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By Ashley D. Torres
As Jackson Health System prepares for fiscal 2011, insiders say the institution has made improvements but still has a long way to go.
The Public Health Trust, Jackson’s independent governing body, approved Monday a $1.9 billion budget for 2011, which starts Oct. 1. The budget is to maintain Jackson’s level of service inclusive of its nursing homes, charity care, primary care centers, contributions to correction health and measures to remain an innovative institution, said John H. Copeland III, the trust’s board of trustees’ chairperson.
"This budget is not an answer to the challenges that this system faces," Mr. Copeland said. "This is a survivability budget that gets us to maintain service over the next 12 months."
Along with the budget, Jackson has proposed several initiatives across departments to help cut costs and increase revenue.
Nonetheless, Eneida Roldan, Jackson’s president and CEO, said the hospital has made progress.
Over the past year, Jackson has been successful in reducing employee numbers from 12,700 full-time equivalents to 11,400, Dr. Roldan said. Employees have also taken a 5% pay cut and the hospital is now in the 25th percentile in terms of salaries. In addition, management has been restructured from 24 executives to 16.
"Nonetheless," Dr. Roldan said, "that does not mean we are out of the woods."
The health system, which lost $244 million last year, is projecting a $70 million loss for fiscal year 2010.
Over the next year, the institution will focus on operational efficiency, including developing talent that can multi-task and reducing costly medical errors.
In addition, Jackson is "embarking on the daunting task of addressing a capital budget gap and figuring out what are the implications of changes in healthcare that we are going to face," Mr. Copeland said, "and how to craft a plan."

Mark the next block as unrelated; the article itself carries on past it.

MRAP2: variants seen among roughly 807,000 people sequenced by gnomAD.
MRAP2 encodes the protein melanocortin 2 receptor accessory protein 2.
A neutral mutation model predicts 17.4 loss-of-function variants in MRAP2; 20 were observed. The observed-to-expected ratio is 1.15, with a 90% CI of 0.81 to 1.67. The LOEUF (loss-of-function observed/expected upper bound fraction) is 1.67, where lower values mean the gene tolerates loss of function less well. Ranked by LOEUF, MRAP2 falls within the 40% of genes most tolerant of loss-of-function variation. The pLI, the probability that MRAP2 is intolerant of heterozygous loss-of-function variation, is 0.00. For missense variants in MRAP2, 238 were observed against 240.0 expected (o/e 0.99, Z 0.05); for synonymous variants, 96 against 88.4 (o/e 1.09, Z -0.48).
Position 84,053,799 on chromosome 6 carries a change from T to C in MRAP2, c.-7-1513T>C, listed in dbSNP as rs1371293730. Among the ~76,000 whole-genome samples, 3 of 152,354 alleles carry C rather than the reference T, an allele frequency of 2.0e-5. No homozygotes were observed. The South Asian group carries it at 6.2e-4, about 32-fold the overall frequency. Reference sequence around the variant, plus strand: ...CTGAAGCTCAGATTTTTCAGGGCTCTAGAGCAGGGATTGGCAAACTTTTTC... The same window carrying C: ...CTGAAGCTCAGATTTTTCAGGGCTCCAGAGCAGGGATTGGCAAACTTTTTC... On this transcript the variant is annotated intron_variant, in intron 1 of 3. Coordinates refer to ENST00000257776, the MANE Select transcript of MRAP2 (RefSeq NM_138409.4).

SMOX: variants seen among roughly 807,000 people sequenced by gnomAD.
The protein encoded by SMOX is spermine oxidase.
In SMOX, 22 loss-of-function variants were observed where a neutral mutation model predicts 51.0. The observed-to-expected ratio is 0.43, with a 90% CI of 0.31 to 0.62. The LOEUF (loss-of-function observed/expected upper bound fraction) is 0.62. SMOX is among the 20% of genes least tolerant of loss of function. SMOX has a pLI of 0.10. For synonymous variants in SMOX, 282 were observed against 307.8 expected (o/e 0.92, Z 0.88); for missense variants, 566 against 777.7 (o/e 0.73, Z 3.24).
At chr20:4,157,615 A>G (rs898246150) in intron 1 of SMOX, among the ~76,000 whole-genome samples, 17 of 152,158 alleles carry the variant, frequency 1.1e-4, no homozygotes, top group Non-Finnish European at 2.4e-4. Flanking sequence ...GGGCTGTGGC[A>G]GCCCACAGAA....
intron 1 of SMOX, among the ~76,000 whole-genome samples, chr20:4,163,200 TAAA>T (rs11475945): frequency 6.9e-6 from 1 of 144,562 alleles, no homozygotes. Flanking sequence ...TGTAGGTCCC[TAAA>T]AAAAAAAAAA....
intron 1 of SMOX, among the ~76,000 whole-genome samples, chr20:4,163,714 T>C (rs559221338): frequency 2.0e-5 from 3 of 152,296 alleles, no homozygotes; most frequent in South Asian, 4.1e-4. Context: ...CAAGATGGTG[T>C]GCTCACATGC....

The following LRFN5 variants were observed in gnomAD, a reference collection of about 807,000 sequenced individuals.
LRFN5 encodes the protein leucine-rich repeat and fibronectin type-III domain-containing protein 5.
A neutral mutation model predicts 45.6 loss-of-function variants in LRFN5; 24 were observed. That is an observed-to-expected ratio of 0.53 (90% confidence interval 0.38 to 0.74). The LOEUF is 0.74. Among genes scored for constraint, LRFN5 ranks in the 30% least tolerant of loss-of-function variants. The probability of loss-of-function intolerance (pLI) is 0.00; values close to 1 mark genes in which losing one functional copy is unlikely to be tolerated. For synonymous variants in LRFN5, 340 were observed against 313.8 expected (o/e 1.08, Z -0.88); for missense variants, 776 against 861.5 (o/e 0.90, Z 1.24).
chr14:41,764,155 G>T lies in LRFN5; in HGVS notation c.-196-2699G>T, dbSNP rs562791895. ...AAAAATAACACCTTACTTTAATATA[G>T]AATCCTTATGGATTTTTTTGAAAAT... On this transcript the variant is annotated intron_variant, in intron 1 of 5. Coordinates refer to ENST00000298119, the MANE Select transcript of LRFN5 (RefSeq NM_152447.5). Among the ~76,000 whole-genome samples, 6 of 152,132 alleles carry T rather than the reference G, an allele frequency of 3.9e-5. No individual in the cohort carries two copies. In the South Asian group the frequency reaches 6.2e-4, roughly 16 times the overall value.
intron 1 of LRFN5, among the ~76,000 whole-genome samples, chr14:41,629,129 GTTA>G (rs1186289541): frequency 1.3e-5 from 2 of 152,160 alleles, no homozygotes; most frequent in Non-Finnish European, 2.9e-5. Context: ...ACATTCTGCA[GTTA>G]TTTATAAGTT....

Part of the struggles for Jackson is that it is a public safety net for the uninsured.
"What other industry that number one has a customer come in that doesn’t know the pricing," Dr. Roldan said, "and gets charged the full charge and yet doesn’t pay the full charge?"
Claims recovery is an area where Jackson has seen improvements, Dr. Roldan said. One of the initiatives proposed for the coming year is more efficient claims recovery, which is estimated to save about $38.4 million.
Even so, Dr. Roldan said that as a result of the economy many people aren’t paying hospitals or doctors because their funds have to go towards paying rent.
"These are realities that are very, very challenging," she said, "in this real economic environment."
Despite their financial woes, Jackson remains the county’s only adult and pediatric Level I Trauma Center and one of the country’s top transplant locations.
"Jackson Health System is here," Mr. Copeland said, "and is a major contribution to healthcare in the county."
And although Jackson is making fiscal improvements, it must continue to provide quality service to the insured and uninsured, remain competitive, cut costs and be "nimble and flexible" in a changing economic environment.
"It’s a tsunami," Dr. Roldan said. "It’s a perfect storm."